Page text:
You also won’t see all the bus stop icons on Google Maps that you see on other implementations.  These are updated in a separate Google process that only occurs every one to two months.  They will be coming, at some point in the near future (but that doesn’t effect the working of Google Transit).

We’ll also be releasing our raw GTFS feed on our site in the next few weeks, in case any local developers have an interest in using our data for their own projects.  And of course, I’m already make modifications for our upcoming 6/18/12 schedule change.

In the meantime, I hope everyone finds the fruits of our effort useful and that it lowers the barrier to trying transit in Burlington for the first time (or allows existing users to use it more frequently).  Google Transit is the first of many future improvements to come.

*At some point, I’ll write an entry about how I came to find myself employed in the field of public transit and how Burlington almost didn’t end up as my long term home.

The Free Press recently did a story on the Shelburne Police stepping up enforcement on cyclists.  I’ve gone on record before as saying that I’m in favor of enforcement, as long as it’s done in a fair manner (which I think is highly questionable based on how it’s being approached in Shelburne).  I always attempt to bike in a safe, courteous and efficient manner and one of my rules is that I wait for red lights.  I do this for two reasons: 1) safety and 2) courtesy for drivers and pedestrians, and to set a good example.  Even if one can make it across the intersection, I’ve found there’s nothing that irritates drivers more than the sight of cyclists running red lights.  As much as I’m an advocate of car-free living, I think a helping of courtesy goes a long way.  If our goal is to get more people out of their cars and onto bikes, acting arrogantly and flouting traffic laws is not going to be the way to do it.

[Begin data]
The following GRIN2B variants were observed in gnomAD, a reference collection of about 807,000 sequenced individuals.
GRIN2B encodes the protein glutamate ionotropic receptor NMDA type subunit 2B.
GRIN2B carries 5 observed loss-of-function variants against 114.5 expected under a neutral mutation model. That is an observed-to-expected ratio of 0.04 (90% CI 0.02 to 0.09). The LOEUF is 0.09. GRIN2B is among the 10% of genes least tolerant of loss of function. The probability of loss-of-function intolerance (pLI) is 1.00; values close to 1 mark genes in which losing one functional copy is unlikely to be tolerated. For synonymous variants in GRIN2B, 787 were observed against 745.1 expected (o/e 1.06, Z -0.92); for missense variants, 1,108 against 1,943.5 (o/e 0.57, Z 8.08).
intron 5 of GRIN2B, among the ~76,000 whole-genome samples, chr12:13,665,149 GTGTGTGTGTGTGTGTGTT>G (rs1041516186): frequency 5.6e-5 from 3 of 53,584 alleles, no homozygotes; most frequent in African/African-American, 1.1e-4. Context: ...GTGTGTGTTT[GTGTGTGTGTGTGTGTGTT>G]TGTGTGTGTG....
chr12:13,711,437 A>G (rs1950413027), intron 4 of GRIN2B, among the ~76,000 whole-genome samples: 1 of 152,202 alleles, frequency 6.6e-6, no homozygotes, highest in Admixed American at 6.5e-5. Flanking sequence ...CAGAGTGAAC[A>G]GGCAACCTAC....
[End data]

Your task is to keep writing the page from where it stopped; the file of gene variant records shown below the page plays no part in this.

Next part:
There’s one huge asterisk on my “don’t run red lights” policy, however: when forced, I will treat a red light as a stop sign – stop, look both ways, and bike through.  Unfortunately, this area has a large number of lights that operate on in ground magnetic sensors that are not designed to trip when a bicycle rolls over them.  If I roll down to the light in front of my house, at Hilside Ter and Riverside Ave, I can wait all day and the light will never turn red for me, unless a car queues up behind me.  I hit two more lights like this on my way to downtown, and there’s a large number of them all over the city.  As far as I’m concerned, these lights are broken, and I have to treat them no differently than a driver would treat a light that’s broken on red – stop, look both ways and proceed cautiously against the red.